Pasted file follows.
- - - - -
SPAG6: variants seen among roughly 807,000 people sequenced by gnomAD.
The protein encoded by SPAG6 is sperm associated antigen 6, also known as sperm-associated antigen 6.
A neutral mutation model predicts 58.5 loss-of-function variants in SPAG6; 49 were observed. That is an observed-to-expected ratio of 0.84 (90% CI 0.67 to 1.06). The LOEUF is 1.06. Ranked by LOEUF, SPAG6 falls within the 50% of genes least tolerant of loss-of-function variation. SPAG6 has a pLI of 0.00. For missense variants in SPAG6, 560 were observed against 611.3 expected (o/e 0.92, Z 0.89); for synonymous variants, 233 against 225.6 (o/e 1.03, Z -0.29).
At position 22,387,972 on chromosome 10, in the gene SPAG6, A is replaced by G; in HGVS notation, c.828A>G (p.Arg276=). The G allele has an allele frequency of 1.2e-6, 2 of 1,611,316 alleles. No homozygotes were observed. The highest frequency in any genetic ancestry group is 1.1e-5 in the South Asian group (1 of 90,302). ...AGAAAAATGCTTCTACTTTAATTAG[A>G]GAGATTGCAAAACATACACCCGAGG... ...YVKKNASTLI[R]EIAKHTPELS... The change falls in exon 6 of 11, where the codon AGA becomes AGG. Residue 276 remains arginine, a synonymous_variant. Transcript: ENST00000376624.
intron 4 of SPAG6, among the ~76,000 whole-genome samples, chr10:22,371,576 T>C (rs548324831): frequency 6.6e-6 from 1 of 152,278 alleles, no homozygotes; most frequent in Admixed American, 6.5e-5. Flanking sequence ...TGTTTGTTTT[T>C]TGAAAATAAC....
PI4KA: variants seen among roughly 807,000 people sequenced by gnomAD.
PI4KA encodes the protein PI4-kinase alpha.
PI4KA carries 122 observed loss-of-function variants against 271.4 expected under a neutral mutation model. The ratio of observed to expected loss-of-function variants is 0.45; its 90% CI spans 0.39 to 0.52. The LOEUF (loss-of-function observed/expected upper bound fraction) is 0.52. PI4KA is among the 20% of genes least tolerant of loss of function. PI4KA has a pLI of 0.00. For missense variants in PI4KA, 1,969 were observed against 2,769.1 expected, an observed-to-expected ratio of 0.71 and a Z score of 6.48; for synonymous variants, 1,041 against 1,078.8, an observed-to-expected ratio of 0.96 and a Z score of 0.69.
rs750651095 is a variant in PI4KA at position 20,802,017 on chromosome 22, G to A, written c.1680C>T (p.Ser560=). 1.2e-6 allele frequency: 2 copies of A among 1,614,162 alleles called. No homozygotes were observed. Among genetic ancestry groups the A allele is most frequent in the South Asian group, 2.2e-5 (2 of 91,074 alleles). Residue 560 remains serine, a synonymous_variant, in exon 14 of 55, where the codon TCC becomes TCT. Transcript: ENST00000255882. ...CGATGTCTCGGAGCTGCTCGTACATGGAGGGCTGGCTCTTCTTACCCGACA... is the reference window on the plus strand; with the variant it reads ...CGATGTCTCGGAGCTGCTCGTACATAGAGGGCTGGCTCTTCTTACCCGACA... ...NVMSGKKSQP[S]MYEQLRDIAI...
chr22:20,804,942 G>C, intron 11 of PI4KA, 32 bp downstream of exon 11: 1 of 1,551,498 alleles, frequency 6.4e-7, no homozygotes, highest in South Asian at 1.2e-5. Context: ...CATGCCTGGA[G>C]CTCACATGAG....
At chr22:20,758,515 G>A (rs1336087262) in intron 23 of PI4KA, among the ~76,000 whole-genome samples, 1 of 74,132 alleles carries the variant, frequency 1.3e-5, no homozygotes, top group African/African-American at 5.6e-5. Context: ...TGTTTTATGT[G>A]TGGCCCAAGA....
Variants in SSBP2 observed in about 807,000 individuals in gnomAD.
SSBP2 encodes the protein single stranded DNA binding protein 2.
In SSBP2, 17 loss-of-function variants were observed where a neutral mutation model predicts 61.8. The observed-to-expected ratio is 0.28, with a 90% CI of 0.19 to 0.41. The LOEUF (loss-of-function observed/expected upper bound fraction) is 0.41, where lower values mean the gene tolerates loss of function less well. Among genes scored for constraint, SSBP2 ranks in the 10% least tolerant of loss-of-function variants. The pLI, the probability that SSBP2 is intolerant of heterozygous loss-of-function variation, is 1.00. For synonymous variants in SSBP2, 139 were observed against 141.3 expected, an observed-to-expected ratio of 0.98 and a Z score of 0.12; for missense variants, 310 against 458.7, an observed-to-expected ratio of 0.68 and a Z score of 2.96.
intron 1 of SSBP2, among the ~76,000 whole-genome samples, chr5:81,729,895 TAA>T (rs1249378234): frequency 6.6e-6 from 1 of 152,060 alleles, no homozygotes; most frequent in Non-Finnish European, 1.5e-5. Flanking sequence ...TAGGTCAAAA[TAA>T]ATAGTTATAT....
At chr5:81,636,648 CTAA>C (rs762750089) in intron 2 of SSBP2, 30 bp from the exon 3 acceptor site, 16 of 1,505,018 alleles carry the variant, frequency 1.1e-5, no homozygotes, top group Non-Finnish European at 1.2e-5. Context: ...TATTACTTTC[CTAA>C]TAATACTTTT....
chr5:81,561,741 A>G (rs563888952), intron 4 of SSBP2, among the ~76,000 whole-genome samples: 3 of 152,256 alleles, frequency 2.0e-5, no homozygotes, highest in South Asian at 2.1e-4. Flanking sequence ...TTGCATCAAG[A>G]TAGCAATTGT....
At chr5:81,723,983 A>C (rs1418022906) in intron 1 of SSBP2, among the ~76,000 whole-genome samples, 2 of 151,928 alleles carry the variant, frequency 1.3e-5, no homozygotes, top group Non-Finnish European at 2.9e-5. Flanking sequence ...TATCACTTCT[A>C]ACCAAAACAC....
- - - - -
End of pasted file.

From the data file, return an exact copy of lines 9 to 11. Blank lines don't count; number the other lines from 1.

rs750651095 is a variant in PI4KA at position 20,802,017 on chromosome 22, G to A, written c.1680C>T (p.Ser560=). 1.2e-6 allele frequency: 2 copies of A among 1,614,162 alleles called. No homozygotes were observed. Among genetic ancestry groups the A allele is most frequent in the South Asian group, 2.2e-5 (2 of 91,074 alleles). Residue 560 remains serine, a synonymous_variant, in exon 14 of 55, where the codon TCC becomes TCT. Transcript: ENST00000255882. ...CGATGTCTCGGAGCTGCTCGTACATGGAGGGCTGGCTCTTCTTACCCGACA... is the reference window on the plus strand; with the variant it reads ...CGATGTCTCGGAGCTGCTCGTACATAGAGGGCTGGCTCTTCTTACCCGACA... ...NVMSGKKSQP[S]MYEQLRDIAI...
chr22:20,804,942 G>C, intron 11 of PI4KA, 32 bp downstream of exon 11: 1 of 1,551,498 alleles, frequency 6.4e-7, no homozygotes, highest in South Asian at 1.2e-5. Context: ...CATGCCTGGA[G>C]CTCACATGAG....
At chr22:20,758,515 G>A (rs1336087262) in intron 23 of PI4KA, among the ~76,000 whole-genome samples, 1 of 74,132 alleles carries the variant, frequency 1.3e-5, no homozygotes, top group African/African-American at 5.6e-5. Context: ...TGTTTTATGT[G>A]TGGCCCAAGA....